The president’s critics contend that Trump has made the calculation that a lower voter turnout would improve his chances of winning a second term.
“What you are witnessing is a president of the United States who is doing everything he can to suppress the vote, make it harder for people to engage in mail-in balloting at a time when people will be putting their lives on the line by having to go out to a polling station and vote,” said Sen. Bernie Sanders, I-Vt.
In announcing the upcoming hearing, congressional Democrats said in a statement: “The postmaster general and top Postal Service leadership must answer to the Congress and the American people as to why they are pushing these dangerous new policies that threaten to silence the voices of millions, just months before the election.”
Funding a cash-strapped Postal Service has quickly turned into a top campaign issue as Trump presses his unsupported claim that increased mail-in voting will undermine the credibility of the election and Democrats push back.
The president’s chief of staff, Mark Meadows, tried on Sunday to counter criticism that Trump was trying to stifle turnout with national and battleground state polls showing him facing a difficult path to reelection against Biden.
“I’ll give you that guarantee right now: The president of the United States is not going to interfere with anybody casting their vote in a legitimate way, whether it’s the post office or anything else,” Meadows said.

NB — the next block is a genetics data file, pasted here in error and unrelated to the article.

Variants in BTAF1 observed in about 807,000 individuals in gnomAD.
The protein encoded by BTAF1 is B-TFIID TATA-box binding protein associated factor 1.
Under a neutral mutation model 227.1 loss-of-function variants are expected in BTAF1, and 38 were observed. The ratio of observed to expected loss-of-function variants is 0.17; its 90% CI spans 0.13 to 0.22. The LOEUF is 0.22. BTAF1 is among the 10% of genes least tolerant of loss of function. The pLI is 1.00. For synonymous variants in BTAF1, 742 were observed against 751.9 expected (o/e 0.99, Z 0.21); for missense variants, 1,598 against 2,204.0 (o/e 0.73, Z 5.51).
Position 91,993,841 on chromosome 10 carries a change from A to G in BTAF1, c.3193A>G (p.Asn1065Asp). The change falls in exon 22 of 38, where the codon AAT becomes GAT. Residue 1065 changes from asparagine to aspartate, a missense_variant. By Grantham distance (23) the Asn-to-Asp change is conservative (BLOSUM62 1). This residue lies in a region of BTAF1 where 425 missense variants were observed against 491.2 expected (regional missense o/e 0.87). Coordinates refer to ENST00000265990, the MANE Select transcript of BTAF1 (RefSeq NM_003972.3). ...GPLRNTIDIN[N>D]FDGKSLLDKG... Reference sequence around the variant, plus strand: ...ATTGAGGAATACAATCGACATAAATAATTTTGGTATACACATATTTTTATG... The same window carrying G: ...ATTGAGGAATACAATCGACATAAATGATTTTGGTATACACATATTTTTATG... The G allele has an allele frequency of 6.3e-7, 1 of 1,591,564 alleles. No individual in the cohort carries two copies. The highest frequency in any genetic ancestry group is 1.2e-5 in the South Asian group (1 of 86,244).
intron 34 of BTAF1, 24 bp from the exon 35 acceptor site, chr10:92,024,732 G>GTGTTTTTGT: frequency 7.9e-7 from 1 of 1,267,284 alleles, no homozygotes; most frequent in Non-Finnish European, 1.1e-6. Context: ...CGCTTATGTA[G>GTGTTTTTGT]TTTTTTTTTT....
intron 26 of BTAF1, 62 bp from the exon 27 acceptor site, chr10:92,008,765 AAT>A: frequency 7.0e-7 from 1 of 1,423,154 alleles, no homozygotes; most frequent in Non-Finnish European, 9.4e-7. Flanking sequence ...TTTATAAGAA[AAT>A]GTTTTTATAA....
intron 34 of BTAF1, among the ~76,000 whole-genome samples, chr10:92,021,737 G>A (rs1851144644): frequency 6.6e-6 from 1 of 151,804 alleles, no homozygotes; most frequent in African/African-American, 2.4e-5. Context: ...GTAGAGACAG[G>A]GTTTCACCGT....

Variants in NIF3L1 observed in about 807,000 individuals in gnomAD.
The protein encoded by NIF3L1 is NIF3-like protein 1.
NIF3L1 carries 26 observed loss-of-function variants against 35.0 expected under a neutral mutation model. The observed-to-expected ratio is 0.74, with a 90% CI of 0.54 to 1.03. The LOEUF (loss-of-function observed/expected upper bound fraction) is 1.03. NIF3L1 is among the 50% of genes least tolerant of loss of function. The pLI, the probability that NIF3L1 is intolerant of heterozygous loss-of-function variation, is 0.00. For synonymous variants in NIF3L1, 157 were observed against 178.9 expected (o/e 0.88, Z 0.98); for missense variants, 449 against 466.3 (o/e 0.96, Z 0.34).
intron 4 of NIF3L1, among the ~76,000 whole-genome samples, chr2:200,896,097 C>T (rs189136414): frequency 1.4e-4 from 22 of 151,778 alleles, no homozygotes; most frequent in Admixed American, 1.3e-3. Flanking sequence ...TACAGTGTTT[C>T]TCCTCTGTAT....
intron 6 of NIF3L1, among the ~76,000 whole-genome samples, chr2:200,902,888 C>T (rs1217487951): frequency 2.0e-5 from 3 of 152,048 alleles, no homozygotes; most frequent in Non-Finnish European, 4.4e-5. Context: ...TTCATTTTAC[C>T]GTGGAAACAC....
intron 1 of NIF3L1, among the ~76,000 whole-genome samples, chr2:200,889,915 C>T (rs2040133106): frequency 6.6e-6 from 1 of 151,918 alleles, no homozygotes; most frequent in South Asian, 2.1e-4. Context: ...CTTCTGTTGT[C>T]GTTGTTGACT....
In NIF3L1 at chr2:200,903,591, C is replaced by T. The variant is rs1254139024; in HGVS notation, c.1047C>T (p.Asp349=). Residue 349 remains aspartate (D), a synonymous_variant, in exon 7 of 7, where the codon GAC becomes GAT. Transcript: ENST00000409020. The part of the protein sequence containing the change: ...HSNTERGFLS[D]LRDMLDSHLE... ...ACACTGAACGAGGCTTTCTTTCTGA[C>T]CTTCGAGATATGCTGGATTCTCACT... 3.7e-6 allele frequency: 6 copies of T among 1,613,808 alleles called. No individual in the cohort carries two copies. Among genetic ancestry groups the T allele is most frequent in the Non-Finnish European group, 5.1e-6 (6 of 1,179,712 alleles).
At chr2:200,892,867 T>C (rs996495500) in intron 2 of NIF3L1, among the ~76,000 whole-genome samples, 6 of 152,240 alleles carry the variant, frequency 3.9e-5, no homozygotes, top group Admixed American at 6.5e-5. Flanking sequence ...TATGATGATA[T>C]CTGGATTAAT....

But Democrats said changes made by DeJoy constitute “a grave threat to the integrity of the election and to our very democracy.”
The agency in the meantime is now seeking a short-term, end-of-the-year rate increase, according to a notice filed Friday with the Postal Regulatory Commission. The reasons: increased expenses, heightened demand for online packages due to the coronavirus pandemic and an expected increase in holiday mail volume.
The plan would raise prices on commercial domestic competitive parcels, including Priority Mail Express, Priority Mail, first-class package service, Parcel Select and Parcel Return Service.
Associated Press writers Darlene Superville and Jill Colvin in Washington, Bruce Schreiner in Frankfort, Ky., and Aamer Madhani, reporting from Bedminster, New Jersey, contributed to this report.